But honestly, I feel like every Two-Face story that I have read over the past few years -- and I went back and read pretty much everything that I could get my hands on -- either retells his origin or it's a story where he is cured in the present and then reverts back to being bad again. I love those templates when his face is healed but I wanted to try something that was different -- a kind of modern, propulsive Two-Face story while still touching on something that you haven't seen in the past. This gave me a bond to them in the past. It explores the idea of the coin. It doesn't step on anything. It's just more additive. It also plays on some of themes that we played on in "Zero Year" and other stories about Bruce and his childhood and how dark it was when he was really struggling to find his after his parents' death. And yet, at the same time, I feel that it doesn't contradict anything that has come before either. It just adds another layer. They didn't know who each other was. But the fact that they met as kids and had this history winds up informing who they are today.
Penguin has a great line in "All Star Batman" #4 about Two-Face where he says, "In the end it takes something special to be a villain, Dent. A real villain. And you don't have it. You never have." Does Bruce Wayne agree with Mr. Cobblepot?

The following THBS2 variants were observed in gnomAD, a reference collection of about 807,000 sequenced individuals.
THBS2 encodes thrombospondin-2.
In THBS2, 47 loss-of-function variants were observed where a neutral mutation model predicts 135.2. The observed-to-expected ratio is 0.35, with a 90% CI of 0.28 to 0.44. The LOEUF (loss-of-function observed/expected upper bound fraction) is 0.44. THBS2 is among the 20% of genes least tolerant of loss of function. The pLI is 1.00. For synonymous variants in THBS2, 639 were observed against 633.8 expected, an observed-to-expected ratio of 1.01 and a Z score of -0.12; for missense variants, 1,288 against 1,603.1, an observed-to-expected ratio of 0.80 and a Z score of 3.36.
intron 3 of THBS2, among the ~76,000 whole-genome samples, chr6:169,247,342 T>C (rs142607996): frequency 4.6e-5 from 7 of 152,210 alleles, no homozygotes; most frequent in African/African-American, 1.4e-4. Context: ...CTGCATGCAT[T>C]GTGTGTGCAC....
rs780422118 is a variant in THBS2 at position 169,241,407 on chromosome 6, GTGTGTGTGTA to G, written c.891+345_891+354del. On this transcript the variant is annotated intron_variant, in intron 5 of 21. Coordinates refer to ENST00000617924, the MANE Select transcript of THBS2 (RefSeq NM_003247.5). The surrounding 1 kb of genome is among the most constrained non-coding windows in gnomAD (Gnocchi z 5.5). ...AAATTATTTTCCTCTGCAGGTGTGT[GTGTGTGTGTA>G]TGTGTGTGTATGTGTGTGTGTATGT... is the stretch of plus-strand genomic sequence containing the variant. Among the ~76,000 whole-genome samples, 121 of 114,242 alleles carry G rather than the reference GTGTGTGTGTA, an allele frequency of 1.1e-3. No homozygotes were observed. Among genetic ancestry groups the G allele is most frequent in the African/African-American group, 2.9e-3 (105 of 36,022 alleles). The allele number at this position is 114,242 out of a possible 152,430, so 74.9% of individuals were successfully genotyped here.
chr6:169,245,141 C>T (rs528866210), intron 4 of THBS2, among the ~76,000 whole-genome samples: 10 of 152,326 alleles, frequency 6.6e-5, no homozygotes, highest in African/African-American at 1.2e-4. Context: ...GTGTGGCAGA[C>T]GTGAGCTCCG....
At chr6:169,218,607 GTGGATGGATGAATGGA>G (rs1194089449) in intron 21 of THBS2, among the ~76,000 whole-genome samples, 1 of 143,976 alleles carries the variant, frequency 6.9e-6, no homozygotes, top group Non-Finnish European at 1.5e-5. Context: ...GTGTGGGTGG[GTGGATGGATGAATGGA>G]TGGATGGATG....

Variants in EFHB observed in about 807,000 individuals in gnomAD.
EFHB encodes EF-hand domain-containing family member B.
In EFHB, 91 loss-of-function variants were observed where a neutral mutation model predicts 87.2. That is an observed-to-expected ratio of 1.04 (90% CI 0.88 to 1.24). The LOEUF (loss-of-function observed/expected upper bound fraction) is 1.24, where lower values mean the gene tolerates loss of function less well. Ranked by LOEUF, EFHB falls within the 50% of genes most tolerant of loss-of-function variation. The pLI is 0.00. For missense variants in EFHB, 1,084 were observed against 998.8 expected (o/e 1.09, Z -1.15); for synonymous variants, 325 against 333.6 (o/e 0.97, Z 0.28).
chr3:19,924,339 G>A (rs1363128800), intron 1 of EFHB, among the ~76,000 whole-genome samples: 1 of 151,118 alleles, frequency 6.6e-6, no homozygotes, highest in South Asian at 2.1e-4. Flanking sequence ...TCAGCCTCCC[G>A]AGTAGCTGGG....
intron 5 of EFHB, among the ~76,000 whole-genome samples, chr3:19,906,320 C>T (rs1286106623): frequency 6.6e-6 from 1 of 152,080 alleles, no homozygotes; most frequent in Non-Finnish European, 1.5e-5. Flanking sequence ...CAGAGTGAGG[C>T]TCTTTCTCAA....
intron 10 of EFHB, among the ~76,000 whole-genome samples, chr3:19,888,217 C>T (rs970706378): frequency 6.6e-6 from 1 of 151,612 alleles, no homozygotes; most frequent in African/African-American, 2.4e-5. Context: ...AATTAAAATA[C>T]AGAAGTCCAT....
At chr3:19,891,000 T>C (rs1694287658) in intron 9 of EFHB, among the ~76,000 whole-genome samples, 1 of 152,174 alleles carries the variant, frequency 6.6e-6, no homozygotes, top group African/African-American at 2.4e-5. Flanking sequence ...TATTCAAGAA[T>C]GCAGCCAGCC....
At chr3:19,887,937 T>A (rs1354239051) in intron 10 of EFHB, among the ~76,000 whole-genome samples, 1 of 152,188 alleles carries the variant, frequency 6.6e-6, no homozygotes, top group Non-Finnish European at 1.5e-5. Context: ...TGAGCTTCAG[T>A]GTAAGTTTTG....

Snyder: Two-Face like to be believe that he is a real villain and he keeps Harvey Dent around just to prove to him over and over that he's the stronger half. What Bruce really believes is that Harvey is the stronger half and that there is conflicted and tortured duality. What Penguin says speaks to what some of what the story is about, which is Two-Face saying, "We're all like me. Everyone is villainous but have this weak, little heroic part that they pretend to honor. And the reason I keep that part around is to show you how small it is." Penguin is saying the opposite of what Batman is saying. Penguin says, "The people out there aren't like us and neither are you. It takes a much bigger capacity for evil." While Batman says, "No, the people out there are not like you. They're stronger. They're like Harvey, which is the stronger part of you." They're all arguing different parts of the same topic. I love how everything in this story is kind of singularly tied into one question. Everyone is coming at the same thing from different vantage points.
I love the big action scenes in "All Star Batman" -- everyone does. But there are some great smaller moments in "All Star Batman" #4 too. As an artist, do you tap into different parts of your abilities and your psyche to draw Duke Thomas and a bad guy smashing through a window versus a quieter scene with Bruce and Duke talking?